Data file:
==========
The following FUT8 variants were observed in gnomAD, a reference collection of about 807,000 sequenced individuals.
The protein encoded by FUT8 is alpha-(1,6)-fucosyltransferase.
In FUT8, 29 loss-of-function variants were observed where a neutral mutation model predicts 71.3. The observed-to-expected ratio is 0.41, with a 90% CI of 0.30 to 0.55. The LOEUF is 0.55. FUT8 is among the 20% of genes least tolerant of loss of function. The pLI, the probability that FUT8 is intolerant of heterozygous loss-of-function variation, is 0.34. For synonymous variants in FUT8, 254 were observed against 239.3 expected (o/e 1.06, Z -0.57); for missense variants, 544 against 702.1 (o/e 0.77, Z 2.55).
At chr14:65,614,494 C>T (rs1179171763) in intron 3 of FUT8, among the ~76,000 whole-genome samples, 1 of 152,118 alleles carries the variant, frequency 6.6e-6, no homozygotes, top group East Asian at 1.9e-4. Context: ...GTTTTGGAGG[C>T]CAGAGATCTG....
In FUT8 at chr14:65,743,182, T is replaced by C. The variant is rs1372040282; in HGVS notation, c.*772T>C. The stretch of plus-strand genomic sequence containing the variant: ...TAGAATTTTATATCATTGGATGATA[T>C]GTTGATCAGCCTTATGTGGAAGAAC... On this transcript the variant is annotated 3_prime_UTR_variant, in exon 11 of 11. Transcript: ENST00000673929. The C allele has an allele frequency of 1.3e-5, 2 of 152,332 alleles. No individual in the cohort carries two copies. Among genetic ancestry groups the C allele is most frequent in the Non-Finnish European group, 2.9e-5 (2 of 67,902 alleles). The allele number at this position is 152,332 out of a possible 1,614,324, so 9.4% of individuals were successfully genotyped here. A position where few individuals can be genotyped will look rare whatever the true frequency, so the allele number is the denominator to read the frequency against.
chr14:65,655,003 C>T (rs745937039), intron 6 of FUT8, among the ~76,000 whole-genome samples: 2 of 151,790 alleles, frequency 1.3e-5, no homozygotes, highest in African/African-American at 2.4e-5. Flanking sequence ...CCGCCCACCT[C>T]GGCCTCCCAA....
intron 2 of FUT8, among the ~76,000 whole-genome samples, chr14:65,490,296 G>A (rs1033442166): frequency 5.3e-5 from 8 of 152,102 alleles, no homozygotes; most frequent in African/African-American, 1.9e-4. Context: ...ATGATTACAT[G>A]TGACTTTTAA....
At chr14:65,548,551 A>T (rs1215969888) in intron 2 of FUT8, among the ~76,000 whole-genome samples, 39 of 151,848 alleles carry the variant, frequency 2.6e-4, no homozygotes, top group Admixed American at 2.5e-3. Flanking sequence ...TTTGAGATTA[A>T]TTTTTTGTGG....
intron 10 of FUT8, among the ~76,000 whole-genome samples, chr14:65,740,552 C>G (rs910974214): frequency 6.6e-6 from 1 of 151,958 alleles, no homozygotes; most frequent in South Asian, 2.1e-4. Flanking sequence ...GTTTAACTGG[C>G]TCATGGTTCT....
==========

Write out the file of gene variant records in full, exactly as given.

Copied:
The following FUT8 variants were observed in gnomAD, a reference collection of about 807,000 sequenced individuals.
The protein encoded by FUT8 is alpha-(1,6)-fucosyltransferase.
In FUT8, 29 loss-of-function variants were observed where a neutral mutation model predicts 71.3. The observed-to-expected ratio is 0.41, with a 90% CI of 0.30 to 0.55. The LOEUF is 0.55. FUT8 is among the 20% of genes least tolerant of loss of function. The pLI, the probability that FUT8 is intolerant of heterozygous loss-of-function variation, is 0.34. For synonymous variants in FUT8, 254 were observed against 239.3 expected (o/e 1.06, Z -0.57); for missense variants, 544 against 702.1 (o/e 0.77, Z 2.55).
At chr14:65,614,494 C>T (rs1179171763) in intron 3 of FUT8, among the ~76,000 whole-genome samples, 1 of 152,118 alleles carries the variant, frequency 6.6e-6, no homozygotes, top group East Asian at 1.9e-4. Context: ...GTTTTGGAGG[C>T]CAGAGATCTG....
In FUT8 at chr14:65,743,182, T is replaced by C. The variant is rs1372040282; in HGVS notation, c.*772T>C. The stretch of plus-strand genomic sequence containing the variant: ...TAGAATTTTATATCATTGGATGATA[T>C]GTTGATCAGCCTTATGTGGAAGAAC... On this transcript the variant is annotated 3_prime_UTR_variant, in exon 11 of 11. Transcript: ENST00000673929. The C allele has an allele frequency of 1.3e-5, 2 of 152,332 alleles. No individual in the cohort carries two copies. Among genetic ancestry groups the C allele is most frequent in the Non-Finnish European group, 2.9e-5 (2 of 67,902 alleles). The allele number at this position is 152,332 out of a possible 1,614,324, so 9.4% of individuals were successfully genotyped here. A position where few individuals can be genotyped will look rare whatever the true frequency, so the allele number is the denominator to read the frequency against.
chr14:65,655,003 C>T (rs745937039), intron 6 of FUT8, among the ~76,000 whole-genome samples: 2 of 151,790 alleles, frequency 1.3e-5, no homozygotes, highest in African/African-American at 2.4e-5. Flanking sequence ...CCGCCCACCT[C>T]GGCCTCCCAA....
intron 2 of FUT8, among the ~76,000 whole-genome samples, chr14:65,490,296 G>A (rs1033442166): frequency 5.3e-5 from 8 of 152,102 alleles, no homozygotes; most frequent in African/African-American, 1.9e-4. Context: ...ATGATTACAT[G>A]TGACTTTTAA....
At chr14:65,548,551 A>T (rs1215969888) in intron 2 of FUT8, among the ~76,000 whole-genome samples, 39 of 151,848 alleles carry the variant, frequency 2.6e-4, no homozygotes, top group Admixed American at 2.5e-3. Flanking sequence ...TTTGAGATTA[A>T]TTTTTTGTGG....
intron 10 of FUT8, among the ~76,000 whole-genome samples, chr14:65,740,552 C>G (rs910974214): frequency 6.6e-6 from 1 of 151,958 alleles, no homozygotes; most frequent in South Asian, 2.1e-4. Flanking sequence ...GTTTAACTGG[C>G]TCATGGTTCT....